Julia: You use food to create the kinds of opportunities and projects that you want to do. Can you tell me about some of the spin-off projects you have done from Put A Egg On It?
Sarah: I use food as way to encourage people to come together to talk — to find connections, and to hear about how peoples’ lives are similar and different to mine. If I Knew You Were Coming, I’d Have Baked a Cake, the project I did in Japan, started with a pancake breakfast in Omotesando. Megumi, from ROCKET (a gallery in Tokyo that does a lot of food and art collaborations), and I met to talk about ways we could work together. A conversation about what to have on hand in the kitchen in case of an expected guest led us to an idea where I would install myself in their gallery kitchen and people would come in and trade stories of meals they’d made for a meal from me.
Another example: I want to get out more and meet other artists and see what they’re up to so I started a column on our blog called, “Kitchen Visits,” where people just have me over to their studio or apartment and we talk about what they’re working on while they make snacks for us. A plus side of this is that I get snacks and also a nice chance to photograph people in their spaces.
Julia: Tell me how you started the zine and where you see it going. Is it important that it always remain a zine, even as the project grows?
Sarah: Ralph McGinnis, my partner in PAEOI and R&S, and I started Put A Egg On It because we are magazine and zine-obsessed nerds. At the time, we’d been working as an editor/art director team for other magazines and writing a blog about zines and small press called “Print Fetish.” Egg started modestly and has grown nicely over the last six years.
We are at a point now where we are doing more collaborations and events but are protective of the print project. I expect we’ll keep it more or less the same but make more diverse content for the website, and throw more dinners and art shows.
Julia: Where did the name for the zine come from? Do you really eat a lot of eggs?
Sarah: It’s just something we used to say to each other when we had leftovers from a meal out. You know, like, “Hey don’t throw that away, I’ll take it home and put a egg on it.”
Julia: You brought your intern, Pan, to come and make a salad with us. This seems like the best damned internship on the face of the earth. Can you tell me about some of the assignments you give? Did you ever intern when you were younger?
Sarah: Yes! Pan is great. Our internships are pretty fun and they end up getting shaped quite a bit by the intern herself. With interns who are artists, we have them do illustrations for us or photograph events. The current set are writers, so I’ve let them write a lot for the website and a couple short pieces so far for the print magazine. I figure we can’t pay people yet, so instead we give them a lot of freedom and creativity. And we also invite them to parties.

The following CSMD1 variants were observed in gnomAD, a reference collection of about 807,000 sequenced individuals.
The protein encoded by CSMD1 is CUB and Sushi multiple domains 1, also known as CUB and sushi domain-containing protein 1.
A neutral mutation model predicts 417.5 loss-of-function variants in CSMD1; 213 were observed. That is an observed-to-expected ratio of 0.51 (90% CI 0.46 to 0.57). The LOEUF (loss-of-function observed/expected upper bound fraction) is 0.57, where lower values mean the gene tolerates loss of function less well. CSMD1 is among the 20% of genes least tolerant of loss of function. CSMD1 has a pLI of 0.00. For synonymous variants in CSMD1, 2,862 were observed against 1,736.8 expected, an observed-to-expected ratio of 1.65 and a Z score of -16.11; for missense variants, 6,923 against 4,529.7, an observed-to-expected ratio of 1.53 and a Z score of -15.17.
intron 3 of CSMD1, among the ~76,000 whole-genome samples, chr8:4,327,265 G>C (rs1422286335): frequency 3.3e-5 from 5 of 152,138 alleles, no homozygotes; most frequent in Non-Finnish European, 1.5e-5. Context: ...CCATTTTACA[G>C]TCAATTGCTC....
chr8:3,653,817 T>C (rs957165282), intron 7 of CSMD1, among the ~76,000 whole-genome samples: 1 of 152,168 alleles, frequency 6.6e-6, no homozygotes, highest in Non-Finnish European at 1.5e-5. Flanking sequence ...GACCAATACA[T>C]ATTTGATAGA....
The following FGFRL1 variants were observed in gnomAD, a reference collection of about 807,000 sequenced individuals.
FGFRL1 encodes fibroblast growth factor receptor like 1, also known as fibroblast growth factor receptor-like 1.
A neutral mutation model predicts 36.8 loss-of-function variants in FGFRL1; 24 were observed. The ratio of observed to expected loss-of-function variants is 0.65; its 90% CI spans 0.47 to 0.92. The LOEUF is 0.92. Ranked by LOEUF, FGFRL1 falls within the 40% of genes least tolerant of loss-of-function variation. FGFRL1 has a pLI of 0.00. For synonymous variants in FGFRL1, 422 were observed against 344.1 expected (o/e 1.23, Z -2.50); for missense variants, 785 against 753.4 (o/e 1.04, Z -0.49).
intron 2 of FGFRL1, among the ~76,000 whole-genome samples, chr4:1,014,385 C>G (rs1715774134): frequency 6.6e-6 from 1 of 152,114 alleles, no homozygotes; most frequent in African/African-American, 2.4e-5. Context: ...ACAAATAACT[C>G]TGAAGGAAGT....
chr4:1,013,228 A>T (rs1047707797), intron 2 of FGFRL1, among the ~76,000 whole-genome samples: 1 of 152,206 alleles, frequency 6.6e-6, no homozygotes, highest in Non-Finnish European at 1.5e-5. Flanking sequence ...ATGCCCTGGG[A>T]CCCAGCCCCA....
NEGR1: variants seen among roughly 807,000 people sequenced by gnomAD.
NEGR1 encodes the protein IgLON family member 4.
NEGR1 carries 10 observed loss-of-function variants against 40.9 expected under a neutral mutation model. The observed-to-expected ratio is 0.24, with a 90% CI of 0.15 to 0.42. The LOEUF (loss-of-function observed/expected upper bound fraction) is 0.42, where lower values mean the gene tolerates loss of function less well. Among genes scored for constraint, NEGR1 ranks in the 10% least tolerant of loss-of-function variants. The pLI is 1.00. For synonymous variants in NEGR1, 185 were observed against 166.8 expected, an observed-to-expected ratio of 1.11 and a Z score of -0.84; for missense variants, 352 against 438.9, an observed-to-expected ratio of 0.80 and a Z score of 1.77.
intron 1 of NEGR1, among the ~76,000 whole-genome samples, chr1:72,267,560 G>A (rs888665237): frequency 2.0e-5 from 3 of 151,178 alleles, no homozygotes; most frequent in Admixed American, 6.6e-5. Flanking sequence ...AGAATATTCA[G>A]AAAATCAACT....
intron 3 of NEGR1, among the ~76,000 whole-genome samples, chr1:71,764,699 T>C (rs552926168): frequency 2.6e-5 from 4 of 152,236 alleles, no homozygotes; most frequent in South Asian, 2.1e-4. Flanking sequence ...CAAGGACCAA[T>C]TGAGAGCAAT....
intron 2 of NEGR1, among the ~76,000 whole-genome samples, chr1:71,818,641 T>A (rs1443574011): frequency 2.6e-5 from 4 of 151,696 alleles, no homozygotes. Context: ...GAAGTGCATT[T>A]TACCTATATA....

Julia: Ok, your assignment for your rooftop salad was to show me the virtues of epazote, that mexican herb that I grew in abundance on the roof, but, to me, smells like toilet bowl cleaner. How did you become familiar with epazote, and do you genuinely like it, or are you just always up for a challenge?
Sarah: I adore it AND I’m always up for a challenge. When I was 20 I lived in LA for a year and dated a girl who lived with her Oaxacan grandparents. Her grandmother taught me many wonderful things including how to make empanadas with squash blossoms and epazote leaves. My first memories of the smell of epazote though are from my mom adding the dried herb to cooking beans. I know it can be hard to get used to but I really like it.
Julia: Your girlfriend, Jen Wanous, is a private chef. What percentage of your time spent together do you spend talking about food? Have you ever dated anyone who didn’t love to cook and eat? (my first boyfriend was a straight-edge vegan who only ate canned black olives and freezer pops).
Sarah: We spend quite a bit of time talking about food. I help her come up with ideas for menus and it is not unusual for me to be walking by the kitchen and hear, “Hey do you have time to make a sauce for this dish?” However, there are also times where we have cereal for dinner and talk about nothing even remotely food-related. I’ve dated people who were less into food and cooking but they were all at least excited about entertaining. With them I did all the cooking, and with Jen we work together or switch off.
Julia: You travel a lot, where are you going to next?
Sarah: SF! Back to my hometown for a schedule of non-stop photo shoots for a book I’m making with my mother. We’re also attending my sister’s best friend’s baby shower. And New Orleans in November for the next installment of, “If I Knew You Were Coming, I’d Have Baked a Cake,” the show we did in Tokyo.
Julia: Tell me about your plans to produce and sell hot sauce. Why hot sauce?
Sarah: Ralph wants to make labels for things and I want to make jars of food, so we are constantly thinking of ways to combine these two dreams. We have a more complicated food item in the works but it’s taking awhile to perfect. (I’ll tell you off the record because it’s top secret!) SO, in the meantime, I make hot sauces every week for Jen’s clients and they are amazing, so I’m going to start there.